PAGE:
Whoa, you guys. I’m getting married in six weeks! Six weeks from Friday, but, yeah, six weeks. We got an email from our venue requesting names and email addresses for all of our vendors the other day and I, um, started noticing some glaring gaps in our plans.
We’d tossed around several ideas for music and just never got anything nailed down. We were hoping for a live band, but as we got further into planning and realized maybe our budget isn’t going to be as high as we thought, paying four to six people for their talent looked like it was out of the cards. And DJs? Those folks get spendy and we kiiiinda waited too long to book one on short notice.
Fortunately, our venue has a sound system with an iPod dock allowing us to run our own music. It’s a really great option if you’re willing to devote a few days to building your playlist. I come from the generation that remembers mix tapes and I was a badass at putting together a tape that flowed in and out of different genres and tempos, so I saw this as an opportunity to make a really big mix tape collection that a.) tells our story, b.) entertains our guests with some happy dance jams and c.) doesn’t need a parental advisory for the more conservative guests. On it!
If you’re going to take on your own music, you’re likely putting three to five mixes together. For us, it’s the prelude, cocktail hour, post-entrance music, then the full reception dance party. Everything has a slightly different feel and sets the tone for that particular time of the evening. Our prelude music is soft and easily-digestible stuff with a swirly, romantic feel to give guests the warm fuzzies while they’re filing in to the chapel. During our cocktail hour, we picked some fun, jazzy sounds with a twist. Richard Cheese definitely shows up here. After we make our entrance and food is served, everyone needs some chill background music, but we wanted it to pick up the beat a little without being overwhelming. Then of course the dance party starts and things get fun!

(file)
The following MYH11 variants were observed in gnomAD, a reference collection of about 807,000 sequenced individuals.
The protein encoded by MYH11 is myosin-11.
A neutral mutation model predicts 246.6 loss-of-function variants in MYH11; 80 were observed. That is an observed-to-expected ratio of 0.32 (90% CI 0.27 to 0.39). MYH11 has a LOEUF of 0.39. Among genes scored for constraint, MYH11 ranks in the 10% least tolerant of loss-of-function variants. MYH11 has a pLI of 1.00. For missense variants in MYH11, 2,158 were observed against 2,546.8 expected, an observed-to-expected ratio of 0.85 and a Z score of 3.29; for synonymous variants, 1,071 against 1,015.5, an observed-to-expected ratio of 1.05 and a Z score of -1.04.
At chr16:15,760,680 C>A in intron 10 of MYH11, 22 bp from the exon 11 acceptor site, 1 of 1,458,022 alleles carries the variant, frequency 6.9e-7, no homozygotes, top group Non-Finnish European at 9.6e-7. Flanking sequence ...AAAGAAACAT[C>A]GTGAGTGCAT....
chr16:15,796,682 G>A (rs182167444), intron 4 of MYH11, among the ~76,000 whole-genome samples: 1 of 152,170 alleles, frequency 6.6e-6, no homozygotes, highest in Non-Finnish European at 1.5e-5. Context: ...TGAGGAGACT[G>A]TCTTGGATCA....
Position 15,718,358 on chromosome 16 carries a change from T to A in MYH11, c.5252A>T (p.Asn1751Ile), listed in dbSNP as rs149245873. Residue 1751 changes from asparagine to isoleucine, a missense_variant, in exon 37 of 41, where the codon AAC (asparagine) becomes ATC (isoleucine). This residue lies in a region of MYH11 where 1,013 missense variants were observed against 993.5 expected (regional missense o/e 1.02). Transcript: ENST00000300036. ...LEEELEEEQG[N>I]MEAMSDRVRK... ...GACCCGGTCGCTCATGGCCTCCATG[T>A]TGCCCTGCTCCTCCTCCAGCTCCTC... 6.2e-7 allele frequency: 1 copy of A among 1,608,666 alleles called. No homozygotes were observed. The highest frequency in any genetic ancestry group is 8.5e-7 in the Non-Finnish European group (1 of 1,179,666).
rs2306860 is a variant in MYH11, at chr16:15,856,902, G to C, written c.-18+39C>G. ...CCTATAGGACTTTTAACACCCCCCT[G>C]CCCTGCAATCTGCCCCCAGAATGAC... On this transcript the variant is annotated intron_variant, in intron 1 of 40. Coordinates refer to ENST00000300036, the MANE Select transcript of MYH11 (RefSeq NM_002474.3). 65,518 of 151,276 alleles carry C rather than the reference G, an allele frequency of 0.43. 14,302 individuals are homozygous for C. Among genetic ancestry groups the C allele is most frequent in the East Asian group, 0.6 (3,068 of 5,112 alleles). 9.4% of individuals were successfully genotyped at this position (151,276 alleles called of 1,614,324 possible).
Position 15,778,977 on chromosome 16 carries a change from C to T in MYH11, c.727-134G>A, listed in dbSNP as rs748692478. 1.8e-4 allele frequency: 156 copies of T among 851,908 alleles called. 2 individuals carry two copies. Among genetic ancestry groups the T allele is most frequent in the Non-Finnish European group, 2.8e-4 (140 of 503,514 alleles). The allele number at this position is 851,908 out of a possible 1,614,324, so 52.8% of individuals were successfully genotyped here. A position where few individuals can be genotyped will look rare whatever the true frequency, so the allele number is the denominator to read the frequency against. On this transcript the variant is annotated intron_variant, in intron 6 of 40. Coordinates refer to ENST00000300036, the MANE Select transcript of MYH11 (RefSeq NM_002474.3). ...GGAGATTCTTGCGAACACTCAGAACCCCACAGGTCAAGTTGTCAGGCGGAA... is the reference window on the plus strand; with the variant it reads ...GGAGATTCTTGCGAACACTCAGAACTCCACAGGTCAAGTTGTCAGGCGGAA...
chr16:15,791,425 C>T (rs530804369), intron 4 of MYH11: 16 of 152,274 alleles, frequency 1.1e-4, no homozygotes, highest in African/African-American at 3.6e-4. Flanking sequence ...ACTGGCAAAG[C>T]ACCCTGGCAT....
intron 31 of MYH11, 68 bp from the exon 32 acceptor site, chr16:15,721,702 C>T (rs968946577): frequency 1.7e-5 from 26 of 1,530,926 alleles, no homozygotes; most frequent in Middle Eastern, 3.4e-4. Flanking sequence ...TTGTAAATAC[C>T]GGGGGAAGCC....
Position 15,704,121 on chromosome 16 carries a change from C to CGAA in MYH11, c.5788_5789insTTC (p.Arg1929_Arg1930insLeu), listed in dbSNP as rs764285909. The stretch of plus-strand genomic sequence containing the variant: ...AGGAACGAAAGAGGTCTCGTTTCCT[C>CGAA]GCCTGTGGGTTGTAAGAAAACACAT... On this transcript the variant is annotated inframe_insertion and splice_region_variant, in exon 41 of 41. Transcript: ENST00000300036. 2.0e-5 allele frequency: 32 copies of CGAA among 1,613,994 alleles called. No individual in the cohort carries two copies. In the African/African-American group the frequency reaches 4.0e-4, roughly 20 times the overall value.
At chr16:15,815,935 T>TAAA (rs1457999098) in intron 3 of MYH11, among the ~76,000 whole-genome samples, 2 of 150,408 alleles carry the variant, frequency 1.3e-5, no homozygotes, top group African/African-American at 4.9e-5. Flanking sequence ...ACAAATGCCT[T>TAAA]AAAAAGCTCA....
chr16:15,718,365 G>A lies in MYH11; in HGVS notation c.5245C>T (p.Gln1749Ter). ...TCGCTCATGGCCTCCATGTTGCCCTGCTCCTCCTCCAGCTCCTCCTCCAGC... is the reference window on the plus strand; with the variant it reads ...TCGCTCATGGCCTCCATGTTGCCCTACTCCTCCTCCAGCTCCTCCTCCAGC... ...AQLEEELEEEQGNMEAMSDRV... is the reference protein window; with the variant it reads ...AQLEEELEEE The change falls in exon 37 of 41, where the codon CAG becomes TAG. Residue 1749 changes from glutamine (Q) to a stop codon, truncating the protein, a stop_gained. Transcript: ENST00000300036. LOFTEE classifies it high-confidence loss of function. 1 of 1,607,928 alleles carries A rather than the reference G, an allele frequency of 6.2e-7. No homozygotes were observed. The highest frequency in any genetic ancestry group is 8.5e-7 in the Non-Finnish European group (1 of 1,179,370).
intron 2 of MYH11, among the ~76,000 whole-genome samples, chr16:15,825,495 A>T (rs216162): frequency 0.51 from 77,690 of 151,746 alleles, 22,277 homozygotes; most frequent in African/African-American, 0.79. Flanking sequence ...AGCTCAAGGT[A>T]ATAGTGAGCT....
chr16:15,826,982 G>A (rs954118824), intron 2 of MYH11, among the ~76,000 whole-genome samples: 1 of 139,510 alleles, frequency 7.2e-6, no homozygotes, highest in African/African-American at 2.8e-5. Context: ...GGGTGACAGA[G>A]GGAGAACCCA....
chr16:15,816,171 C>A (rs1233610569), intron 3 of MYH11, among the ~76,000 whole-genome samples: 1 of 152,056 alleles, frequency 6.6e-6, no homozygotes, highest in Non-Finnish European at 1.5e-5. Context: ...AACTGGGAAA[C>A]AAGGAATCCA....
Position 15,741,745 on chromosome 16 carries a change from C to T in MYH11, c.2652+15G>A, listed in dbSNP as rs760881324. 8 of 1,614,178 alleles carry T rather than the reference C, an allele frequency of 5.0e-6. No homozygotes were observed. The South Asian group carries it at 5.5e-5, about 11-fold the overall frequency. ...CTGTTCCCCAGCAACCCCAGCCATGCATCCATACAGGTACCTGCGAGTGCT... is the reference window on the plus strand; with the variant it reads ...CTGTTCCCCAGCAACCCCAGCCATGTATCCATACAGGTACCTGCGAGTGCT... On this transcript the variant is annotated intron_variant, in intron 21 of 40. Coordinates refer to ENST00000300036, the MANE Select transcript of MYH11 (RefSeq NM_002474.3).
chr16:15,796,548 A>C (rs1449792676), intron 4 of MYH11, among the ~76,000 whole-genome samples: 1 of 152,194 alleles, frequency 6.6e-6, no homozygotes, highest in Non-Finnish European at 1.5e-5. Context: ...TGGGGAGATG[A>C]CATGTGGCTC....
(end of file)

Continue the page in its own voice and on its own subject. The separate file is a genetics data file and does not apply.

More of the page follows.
If you’re going to tackle this yourself, pick special songs first. Are you walking down the aisle to something other than a traditional bridal march? Think about your first dance, a song you’d like to play while cutting the cake or dancing with your brigade — any of those points in the day where the music means something to you. Once you set a few songs that have a special meaning to you and your beloved, it’s much easier to build your playlist around that.
Of course, you don’t owe anyone their favorite song or artist, but if you get hung up, ask friends for some input. Set parameters like “no breakup songs” or “absolutely no Nickleback” to help them help you. Since weddings usually have a large age range, consider some older stuff for those aunts and uncles who still like to party, but aren’t quite down with David Guetta. Bands like The Beatles, Queen and Hall & Oates usually go over well with most people.
Take look at your day-of timeline and add a few extra minutes for each block of music. If you’re having a true cocktail hour, build an extra 15 – 20 minutes in for a buffer. I stacked my least favorite songs into that buffer so if they played, at least there was music, and if they didn’t, no heartbreak. Skipping a few songs isn’t a problem, but running out of music is!
Finally, arm a good friend with a schedule, a playlist and the pause button, then another with a microphone. Unless you are so awesome at scheduling that you can assemble a playlist with breaks and shifts and stay on it (please don’t count on that!), you’ll need someone to hit pause for the toasts or skip ahead to the cake cutting music. Label your playlists accordingly and go over everything ahead of time so there’s no confusion about where the music needs to go. Your buddy with the microphone (or booming voice) can make announcements that would otherwise be left to a DJ or band leader. It saves you money, plus you have a day perfectly customized to you and your sweetheart.